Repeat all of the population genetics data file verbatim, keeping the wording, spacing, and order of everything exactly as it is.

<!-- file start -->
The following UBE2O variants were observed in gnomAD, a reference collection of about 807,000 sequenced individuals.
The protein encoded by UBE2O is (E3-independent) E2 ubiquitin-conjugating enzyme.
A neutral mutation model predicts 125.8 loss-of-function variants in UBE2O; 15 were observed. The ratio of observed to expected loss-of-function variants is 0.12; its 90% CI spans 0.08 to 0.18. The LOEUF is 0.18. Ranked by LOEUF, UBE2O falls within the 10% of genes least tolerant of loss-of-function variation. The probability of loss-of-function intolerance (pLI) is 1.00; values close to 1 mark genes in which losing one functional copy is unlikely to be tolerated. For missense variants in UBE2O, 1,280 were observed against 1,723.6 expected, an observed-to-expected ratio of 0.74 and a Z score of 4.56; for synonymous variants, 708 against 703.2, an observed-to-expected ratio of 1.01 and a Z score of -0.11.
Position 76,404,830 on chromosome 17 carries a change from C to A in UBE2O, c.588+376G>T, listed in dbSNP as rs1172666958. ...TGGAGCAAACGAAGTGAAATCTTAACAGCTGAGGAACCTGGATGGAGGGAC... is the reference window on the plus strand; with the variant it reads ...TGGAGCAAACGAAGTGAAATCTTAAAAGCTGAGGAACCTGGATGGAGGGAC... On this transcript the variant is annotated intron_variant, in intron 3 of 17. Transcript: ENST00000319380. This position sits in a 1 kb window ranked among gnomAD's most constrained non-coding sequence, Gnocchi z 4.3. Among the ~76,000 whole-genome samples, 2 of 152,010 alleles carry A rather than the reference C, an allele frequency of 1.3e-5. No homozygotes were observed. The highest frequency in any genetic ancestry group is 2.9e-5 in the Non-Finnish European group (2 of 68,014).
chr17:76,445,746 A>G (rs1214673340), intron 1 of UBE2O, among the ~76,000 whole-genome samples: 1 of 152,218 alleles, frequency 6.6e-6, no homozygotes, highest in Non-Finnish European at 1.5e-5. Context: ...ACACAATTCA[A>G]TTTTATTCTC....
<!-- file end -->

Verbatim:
The following UBE2O variants were observed in gnomAD, a reference collection of about 807,000 sequenced individuals.
The protein encoded by UBE2O is (E3-independent) E2 ubiquitin-conjugating enzyme.
A neutral mutation model predicts 125.8 loss-of-function variants in UBE2O; 15 were observed. The ratio of observed to expected loss-of-function variants is 0.12; its 90% CI spans 0.08 to 0.18. The LOEUF is 0.18. Ranked by LOEUF, UBE2O falls within the 10% of genes least tolerant of loss-of-function variation. The probability of loss-of-function intolerance (pLI) is 1.00; values close to 1 mark genes in which losing one functional copy is unlikely to be tolerated. For missense variants in UBE2O, 1,280 were observed against 1,723.6 expected, an observed-to-expected ratio of 0.74 and a Z score of 4.56; for synonymous variants, 708 against 703.2, an observed-to-expected ratio of 1.01 and a Z score of -0.11.
Position 76,404,830 on chromosome 17 carries a change from C to A in UBE2O, c.588+376G>T, listed in dbSNP as rs1172666958. ...TGGAGCAAACGAAGTGAAATCTTAACAGCTGAGGAACCTGGATGGAGGGAC... is the reference window on the plus strand; with the variant it reads ...TGGAGCAAACGAAGTGAAATCTTAAAAGCTGAGGAACCTGGATGGAGGGAC... On this transcript the variant is annotated intron_variant, in intron 3 of 17. Transcript: ENST00000319380. This position sits in a 1 kb window ranked among gnomAD's most constrained non-coding sequence, Gnocchi z 4.3. Among the ~76,000 whole-genome samples, 2 of 152,010 alleles carry A rather than the reference C, an allele frequency of 1.3e-5. No homozygotes were observed. The highest frequency in any genetic ancestry group is 2.9e-5 in the Non-Finnish European group (2 of 68,014).
chr17:76,445,746 A>G (rs1214673340), intron 1 of UBE2O, among the ~76,000 whole-genome samples: 1 of 152,218 alleles, frequency 6.6e-6, no homozygotes, highest in Non-Finnish European at 1.5e-5. Context: ...ACACAATTCA[A>G]TTTTATTCTC....